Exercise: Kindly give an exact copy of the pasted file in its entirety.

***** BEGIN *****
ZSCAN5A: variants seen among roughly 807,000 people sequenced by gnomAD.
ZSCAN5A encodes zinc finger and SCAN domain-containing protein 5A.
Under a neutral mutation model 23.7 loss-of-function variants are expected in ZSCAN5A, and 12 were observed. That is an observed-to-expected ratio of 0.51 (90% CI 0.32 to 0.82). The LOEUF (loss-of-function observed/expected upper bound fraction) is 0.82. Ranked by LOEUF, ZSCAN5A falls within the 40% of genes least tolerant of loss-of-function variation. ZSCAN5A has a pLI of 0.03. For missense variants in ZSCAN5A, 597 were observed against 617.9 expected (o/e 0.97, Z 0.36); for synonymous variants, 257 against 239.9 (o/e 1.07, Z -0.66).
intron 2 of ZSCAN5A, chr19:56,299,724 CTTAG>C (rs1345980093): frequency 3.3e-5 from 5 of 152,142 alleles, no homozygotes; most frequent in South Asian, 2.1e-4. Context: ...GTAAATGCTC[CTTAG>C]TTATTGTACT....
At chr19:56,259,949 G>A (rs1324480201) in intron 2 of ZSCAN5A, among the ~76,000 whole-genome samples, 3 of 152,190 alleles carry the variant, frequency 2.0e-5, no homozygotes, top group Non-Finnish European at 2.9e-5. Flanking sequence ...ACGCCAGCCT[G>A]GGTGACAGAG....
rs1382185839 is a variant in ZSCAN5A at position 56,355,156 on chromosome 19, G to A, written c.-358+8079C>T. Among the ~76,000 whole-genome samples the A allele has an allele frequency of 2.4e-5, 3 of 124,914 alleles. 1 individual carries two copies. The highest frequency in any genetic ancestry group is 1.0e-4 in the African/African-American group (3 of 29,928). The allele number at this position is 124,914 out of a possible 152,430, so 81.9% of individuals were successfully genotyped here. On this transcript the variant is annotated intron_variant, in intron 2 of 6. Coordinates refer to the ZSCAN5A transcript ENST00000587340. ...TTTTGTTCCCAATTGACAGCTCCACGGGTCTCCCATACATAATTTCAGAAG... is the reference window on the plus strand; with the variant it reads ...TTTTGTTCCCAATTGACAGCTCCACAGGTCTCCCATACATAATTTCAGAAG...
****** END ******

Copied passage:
ZSCAN5A: variants seen among roughly 807,000 people sequenced by gnomAD.
ZSCAN5A encodes zinc finger and SCAN domain-containing protein 5A.
Under a neutral mutation model 23.7 loss-of-function variants are expected in ZSCAN5A, and 12 were observed. That is an observed-to-expected ratio of 0.51 (90% CI 0.32 to 0.82). The LOEUF (loss-of-function observed/expected upper bound fraction) is 0.82. Ranked by LOEUF, ZSCAN5A falls within the 40% of genes least tolerant of loss-of-function variation. ZSCAN5A has a pLI of 0.03. For missense variants in ZSCAN5A, 597 were observed against 617.9 expected (o/e 0.97, Z 0.36); for synonymous variants, 257 against 239.9 (o/e 1.07, Z -0.66).
intron 2 of ZSCAN5A, chr19:56,299,724 CTTAG>C (rs1345980093): frequency 3.3e-5 from 5 of 152,142 alleles, no homozygotes; most frequent in South Asian, 2.1e-4. Context: ...GTAAATGCTC[CTTAG>C]TTATTGTACT....
At chr19:56,259,949 G>A (rs1324480201) in intron 2 of ZSCAN5A, among the ~76,000 whole-genome samples, 3 of 152,190 alleles carry the variant, frequency 2.0e-5, no homozygotes, top group Non-Finnish European at 2.9e-5. Flanking sequence ...ACGCCAGCCT[G>A]GGTGACAGAG....
rs1382185839 is a variant in ZSCAN5A at position 56,355,156 on chromosome 19, G to A, written c.-358+8079C>T. Among the ~76,000 whole-genome samples the A allele has an allele frequency of 2.4e-5, 3 of 124,914 alleles. 1 individual carries two copies. The highest frequency in any genetic ancestry group is 1.0e-4 in the African/African-American group (3 of 29,928). The allele number at this position is 124,914 out of a possible 152,430, so 81.9% of individuals were successfully genotyped here. On this transcript the variant is annotated intron_variant, in intron 2 of 6. Coordinates refer to the ZSCAN5A transcript ENST00000587340. ...TTTTGTTCCCAATTGACAGCTCCACGGGTCTCCCATACATAATTTCAGAAG... is the reference window on the plus strand; with the variant it reads ...TTTTGTTCCCAATTGACAGCTCCACAGGTCTCCCATACATAATTTCAGAAG...